This lesson provides students with an opportunity to study and analyze the innovative legislative efforts of Presidents Kennedy and Johnson in the social and economic context of the 1960s.
This lesson looks at the changes in British colonial policies and the American resistance through the topic of tea, clothing, and other British goods. Students analyze and interpret key historical artifacts as well as visual and textual sources that shed light on how commodities such as tea became important symbols of personal and political identity during the years leading up to the formal Declaration of Independence in 1776.
This lesson focuses on the constitutional arguments for and against the enactment of federal anti-lynching legislation in the early 1920s. Students will participate in a simulation game that enacts a fictitious Senate debate of the Dyer Anti-Lynching Bill. As a result of completing this activity, students will gain a better understanding of the federal system, the legislative process, and the difficulties social justice advocates encountered.
This lesson focuses on John Winthrop’s historic "Model of Christian Charity" sermon which is often referred to by its “City on a Hill “ metaphor. Through a close reading of this admittedly difficult text, students will learn how it illuminates the beliefs, goals, and programs of the Puritans. The sermon sought to inspire and to motivate the Puritans by pointing out the distance they had to travel between an ideal community and their real-world situation.
If James Madison was the "father" of the Constitution" John Marshall was the "father of the Supreme Court"—almost single-handedly clarifying its powers. This new lesson is designed to help students understand Marshall's brilliant strategy in issuing his decision on Marbury v. Madison, the significance of the concept of judicial review, and the language of this watershed case.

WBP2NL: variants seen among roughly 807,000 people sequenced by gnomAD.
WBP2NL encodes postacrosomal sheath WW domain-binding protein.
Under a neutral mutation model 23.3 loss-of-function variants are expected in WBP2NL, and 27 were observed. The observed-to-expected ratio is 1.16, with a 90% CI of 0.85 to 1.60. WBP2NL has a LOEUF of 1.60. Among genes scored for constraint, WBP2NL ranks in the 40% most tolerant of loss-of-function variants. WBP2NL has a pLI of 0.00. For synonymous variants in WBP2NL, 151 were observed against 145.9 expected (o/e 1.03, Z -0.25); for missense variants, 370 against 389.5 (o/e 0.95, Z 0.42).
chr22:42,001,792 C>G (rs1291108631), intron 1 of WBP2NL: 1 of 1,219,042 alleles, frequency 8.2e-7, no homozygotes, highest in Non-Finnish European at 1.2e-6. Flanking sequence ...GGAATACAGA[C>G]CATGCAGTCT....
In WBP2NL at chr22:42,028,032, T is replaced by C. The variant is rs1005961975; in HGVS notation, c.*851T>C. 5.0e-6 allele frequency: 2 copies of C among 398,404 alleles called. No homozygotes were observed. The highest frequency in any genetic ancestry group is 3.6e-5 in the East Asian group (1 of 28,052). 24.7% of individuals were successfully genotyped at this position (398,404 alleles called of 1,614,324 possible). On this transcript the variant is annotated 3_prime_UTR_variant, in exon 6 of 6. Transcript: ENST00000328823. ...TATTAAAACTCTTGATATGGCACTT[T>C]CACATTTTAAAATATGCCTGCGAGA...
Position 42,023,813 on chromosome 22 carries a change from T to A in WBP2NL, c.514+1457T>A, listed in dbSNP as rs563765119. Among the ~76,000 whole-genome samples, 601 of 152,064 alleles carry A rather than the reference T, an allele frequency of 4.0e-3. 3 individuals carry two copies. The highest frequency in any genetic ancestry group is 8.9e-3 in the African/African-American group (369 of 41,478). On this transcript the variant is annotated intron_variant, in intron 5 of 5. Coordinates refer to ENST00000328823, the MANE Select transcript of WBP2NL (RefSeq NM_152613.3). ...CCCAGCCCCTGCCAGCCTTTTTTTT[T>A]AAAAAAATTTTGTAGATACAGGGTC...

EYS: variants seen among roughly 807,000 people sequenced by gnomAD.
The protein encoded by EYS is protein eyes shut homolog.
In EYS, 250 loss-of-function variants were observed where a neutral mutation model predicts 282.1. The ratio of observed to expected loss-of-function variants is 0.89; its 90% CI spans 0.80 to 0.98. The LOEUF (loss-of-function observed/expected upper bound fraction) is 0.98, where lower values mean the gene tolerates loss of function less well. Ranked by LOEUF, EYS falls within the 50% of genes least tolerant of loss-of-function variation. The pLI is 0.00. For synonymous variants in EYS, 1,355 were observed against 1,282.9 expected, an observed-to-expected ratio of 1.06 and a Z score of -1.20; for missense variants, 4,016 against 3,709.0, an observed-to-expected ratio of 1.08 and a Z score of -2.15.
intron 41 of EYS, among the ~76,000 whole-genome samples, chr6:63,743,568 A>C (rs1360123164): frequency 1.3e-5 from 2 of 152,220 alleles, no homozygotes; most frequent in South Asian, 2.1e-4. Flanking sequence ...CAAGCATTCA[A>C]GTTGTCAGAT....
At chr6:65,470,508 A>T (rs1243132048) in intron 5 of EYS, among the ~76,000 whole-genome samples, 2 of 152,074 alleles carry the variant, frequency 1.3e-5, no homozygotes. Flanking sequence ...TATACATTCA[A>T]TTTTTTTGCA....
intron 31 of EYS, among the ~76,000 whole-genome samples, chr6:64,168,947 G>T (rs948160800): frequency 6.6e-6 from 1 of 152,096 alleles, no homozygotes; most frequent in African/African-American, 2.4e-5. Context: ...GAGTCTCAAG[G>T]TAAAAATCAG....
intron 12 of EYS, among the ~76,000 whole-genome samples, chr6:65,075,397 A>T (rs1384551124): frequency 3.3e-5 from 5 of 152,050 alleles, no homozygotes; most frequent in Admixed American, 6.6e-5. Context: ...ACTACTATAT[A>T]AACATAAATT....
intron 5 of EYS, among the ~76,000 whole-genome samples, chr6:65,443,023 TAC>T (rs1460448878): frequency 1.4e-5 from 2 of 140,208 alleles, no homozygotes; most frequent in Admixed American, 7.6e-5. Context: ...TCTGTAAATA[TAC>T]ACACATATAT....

In this lesson, students explore the First Industrial Revolution in early nineteenth-century America. By reading and comparing first-hand accounts of the lives of workers before the Civil War, students prepare for a series of guided role-playing activities designed to help them make an informed judgment as to whether the changes that took place in manufacturing and distribution during this period are best described as a "revolution" or as a steady evolution over time.
Was the Treaty of Versailles, which formally concluded World War I, a legitimate attempt by the victorious powers to prevent further conflict, or did it place an unfair burden on Germany? This lesson helps students respond to the question in an informed manner. Activities involve primary sources, maps, and other supporting documents related to the peace process and its reception by the German public and German politicians.
This lesson helps students "hear" some of the diverse colonial voices that, in the course of time and under the pressure of novel ideas and events, contributed to the American Revolution. Students analyze a variety of primary documents illustrating the diversity of religious, political, social, and economic motives behind competing perspectives on questions of independence and rebellion.